The eDNA project, which involves collecting and analyzing samples from the environment – such as soil, water and air – rather than an individual organism, will also better monitor and protect endangered species included in the International Union for Conservation of Nature (IUCN) Red List.  

Climate change is affecting the behaviour and distribution of underwater life and we must understand what is happening so we can adapt our conservation efforts to evolving conditions”, explained the UNESCO official. 

Beneath the waves 

UNESCO’s marine World Heritage sites are recognized for their unique biodiversity, outstanding ecosystems, or for representing major stages in Earth’s history.  

In the context of the UN Decade of Ocean Science for Sustainable Development (2021-2030), the project was launched to contribute to the understanding of global trends and knowledge to preserve marine ecosystems.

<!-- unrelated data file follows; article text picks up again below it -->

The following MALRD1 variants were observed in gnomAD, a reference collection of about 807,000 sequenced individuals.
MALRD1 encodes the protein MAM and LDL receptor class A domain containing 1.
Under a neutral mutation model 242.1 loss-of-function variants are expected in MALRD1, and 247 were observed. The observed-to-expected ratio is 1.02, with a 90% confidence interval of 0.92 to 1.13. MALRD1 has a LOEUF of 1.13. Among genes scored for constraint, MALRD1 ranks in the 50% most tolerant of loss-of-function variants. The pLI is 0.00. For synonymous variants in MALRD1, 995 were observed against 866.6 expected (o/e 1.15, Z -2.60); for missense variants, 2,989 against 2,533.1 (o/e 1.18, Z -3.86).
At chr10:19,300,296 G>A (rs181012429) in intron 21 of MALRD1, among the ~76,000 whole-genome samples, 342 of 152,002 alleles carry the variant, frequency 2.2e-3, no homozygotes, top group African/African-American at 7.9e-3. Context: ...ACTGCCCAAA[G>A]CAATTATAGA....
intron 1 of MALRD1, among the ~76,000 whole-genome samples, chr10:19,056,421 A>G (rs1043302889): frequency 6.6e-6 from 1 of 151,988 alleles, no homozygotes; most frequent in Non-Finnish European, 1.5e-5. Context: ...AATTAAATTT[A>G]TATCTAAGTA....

Since 1981, when Australia’s Great Barrier Reef was inscribed at UNESCO’s first marine site, a global network of 50 others are now included as “beacons of hope for healing the ocean”, according to the UN agency. 

Guided by expert support, the eDNA project will engage local citizens to gather material, so samples such as particles gathered through water filtering, can be genetically sequenced in specialized laboratories, without having to disturb animals themselves.   

Implemented by UNESCO’s Intergovernmental Oceanographic Commission (IOC) and World Heritage Centre, IOC chief Vladimir Ryabinin described the project as “a step toward the Ocean Decade’s vision of unlocking the knowledge we need to create the ocean we want by 2030”.